Military Justice in the Modern Era, c1850 – 1945
For a biography I'm working on, I submitted to the FBI a FOIA search request about a congressman of the first half of the 29th century, about whom I thought J. Edgar Hoover might have maintained a file. I explicitly added that my request included Hoover's files as well as all of the agency's records.
The response back was "no records."
Can I rely on that response? Does the FBI make THOROUGH searches?
Are Hoover's famous files on various politicians and others DEFINITELY INCLUDED in such a search by the FBI?
Is there anything else I could do?
Quick question from a colleague: I have a student who is interested in the history of courtroom procedure—more the performative aspect than the administrative one (though he is also interested in the “unwritten rules” of the judge-lawyer relationship). I want him to do some readings about the history of courts in the US so he can do some comparisons with the present. Do you have any suggestions for books (or articles) on the topic that would work well for an undergraduate?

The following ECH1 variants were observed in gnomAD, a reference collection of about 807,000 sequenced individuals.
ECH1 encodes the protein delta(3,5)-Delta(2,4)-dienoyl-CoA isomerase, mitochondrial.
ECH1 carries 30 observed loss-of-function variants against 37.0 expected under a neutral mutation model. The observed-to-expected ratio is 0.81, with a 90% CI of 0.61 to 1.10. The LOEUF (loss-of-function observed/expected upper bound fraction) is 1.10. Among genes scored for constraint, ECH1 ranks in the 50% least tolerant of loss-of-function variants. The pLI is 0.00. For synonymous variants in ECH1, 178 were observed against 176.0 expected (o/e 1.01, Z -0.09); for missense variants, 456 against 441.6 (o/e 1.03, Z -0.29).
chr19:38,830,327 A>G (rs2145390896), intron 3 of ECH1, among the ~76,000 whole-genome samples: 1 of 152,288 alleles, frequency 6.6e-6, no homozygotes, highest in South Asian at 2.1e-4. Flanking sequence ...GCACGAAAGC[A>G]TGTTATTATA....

William R. Kenan, Jr. Professor of History
IN MEMORIAM: JOHN PHILLIP REID (1930-2022)
2022 Student Research Colloquium
The American Society for Legal History will host the ninth annual Student Research Colloquium (SRC) on Wednesday, November 9, and Thursday, November 10, 2022, in Chicago, Illinois. The SRC annually brings eight graduate students to the site of the ASLH annual meeting to discuss their in-progress dissertations or other research projects with each other and with ASLH-affiliated scholars.
Dear colleagues and friends,
I am thrilled to announce the publication of my book Islamic Law in Circulation: Shafi'i Texts across the Indian Ocean and the Mediterranean as part of the “Cambridge Studies in Islamic Civilization”. Ever since I researched this topic and began to think about it as a book, this has been my dream series! Super happy that it is coming out there itself!
Dear H-Net readers: I am excited to announced the publication of my new book, both as a free, open-access e-book and in traditional print format! Feel free to share the announcement below with students, fellow scholars, friends, and anyone else who may be interested.